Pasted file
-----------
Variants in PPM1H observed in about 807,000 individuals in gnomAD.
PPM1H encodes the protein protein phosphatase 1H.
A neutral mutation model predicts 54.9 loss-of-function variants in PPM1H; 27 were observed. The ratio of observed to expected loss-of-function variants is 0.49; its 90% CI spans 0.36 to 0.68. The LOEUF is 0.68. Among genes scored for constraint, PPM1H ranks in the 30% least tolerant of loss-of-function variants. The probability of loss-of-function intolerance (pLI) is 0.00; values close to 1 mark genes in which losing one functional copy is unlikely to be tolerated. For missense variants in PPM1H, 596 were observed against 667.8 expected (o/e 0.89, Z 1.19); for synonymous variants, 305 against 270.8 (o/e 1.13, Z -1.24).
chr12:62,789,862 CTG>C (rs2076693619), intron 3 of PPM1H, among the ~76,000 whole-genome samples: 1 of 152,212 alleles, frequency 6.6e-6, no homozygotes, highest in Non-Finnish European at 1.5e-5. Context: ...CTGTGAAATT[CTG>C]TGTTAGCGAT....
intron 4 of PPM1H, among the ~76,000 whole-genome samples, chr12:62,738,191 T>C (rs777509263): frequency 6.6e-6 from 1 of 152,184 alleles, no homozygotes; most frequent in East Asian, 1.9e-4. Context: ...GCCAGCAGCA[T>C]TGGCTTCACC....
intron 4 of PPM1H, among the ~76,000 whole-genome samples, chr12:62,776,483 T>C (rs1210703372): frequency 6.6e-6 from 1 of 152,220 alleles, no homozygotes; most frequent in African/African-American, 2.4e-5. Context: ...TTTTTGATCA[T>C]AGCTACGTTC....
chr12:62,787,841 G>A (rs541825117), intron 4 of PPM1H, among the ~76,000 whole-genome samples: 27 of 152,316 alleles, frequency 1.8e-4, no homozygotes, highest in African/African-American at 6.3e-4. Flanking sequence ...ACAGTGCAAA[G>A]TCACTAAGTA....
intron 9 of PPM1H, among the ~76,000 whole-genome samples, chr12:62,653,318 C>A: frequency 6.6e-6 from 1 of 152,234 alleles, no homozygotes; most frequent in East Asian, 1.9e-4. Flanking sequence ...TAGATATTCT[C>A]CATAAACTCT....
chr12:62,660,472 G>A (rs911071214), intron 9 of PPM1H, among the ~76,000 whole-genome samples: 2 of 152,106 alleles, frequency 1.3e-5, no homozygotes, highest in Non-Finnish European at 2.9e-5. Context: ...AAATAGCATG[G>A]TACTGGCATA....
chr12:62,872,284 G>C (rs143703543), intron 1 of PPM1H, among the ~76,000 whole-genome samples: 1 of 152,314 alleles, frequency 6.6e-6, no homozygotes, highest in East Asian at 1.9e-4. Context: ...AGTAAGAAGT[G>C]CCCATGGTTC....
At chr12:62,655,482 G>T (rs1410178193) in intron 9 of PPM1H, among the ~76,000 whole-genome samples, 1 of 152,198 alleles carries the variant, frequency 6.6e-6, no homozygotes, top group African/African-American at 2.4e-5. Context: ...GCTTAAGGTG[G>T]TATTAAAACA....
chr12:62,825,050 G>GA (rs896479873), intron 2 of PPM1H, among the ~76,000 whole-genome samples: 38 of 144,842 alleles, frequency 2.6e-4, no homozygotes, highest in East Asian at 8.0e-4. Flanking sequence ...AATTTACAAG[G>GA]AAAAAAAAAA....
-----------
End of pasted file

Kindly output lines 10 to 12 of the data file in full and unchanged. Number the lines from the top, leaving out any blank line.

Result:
chr12:62,872,284 G>C (rs143703543), intron 1 of PPM1H, among the ~76,000 whole-genome samples: 1 of 152,314 alleles, frequency 6.6e-6, no homozygotes, highest in East Asian at 1.9e-4. Context: ...AGTAAGAAGT[G>C]CCCATGGTTC....
At chr12:62,655,482 G>T (rs1410178193) in intron 9 of PPM1H, among the ~76,000 whole-genome samples, 1 of 152,198 alleles carries the variant, frequency 6.6e-6, no homozygotes, top group African/African-American at 2.4e-5. Context: ...GCTTAAGGTG[G>T]TATTAAAACA....
chr12:62,825,050 G>GA (rs896479873), intron 2 of PPM1H, among the ~76,000 whole-genome samples: 38 of 144,842 alleles, frequency 2.6e-4, no homozygotes, highest in East Asian at 8.0e-4. Flanking sequence ...AATTTACAAG[G>GA]AAAAAAAAAA....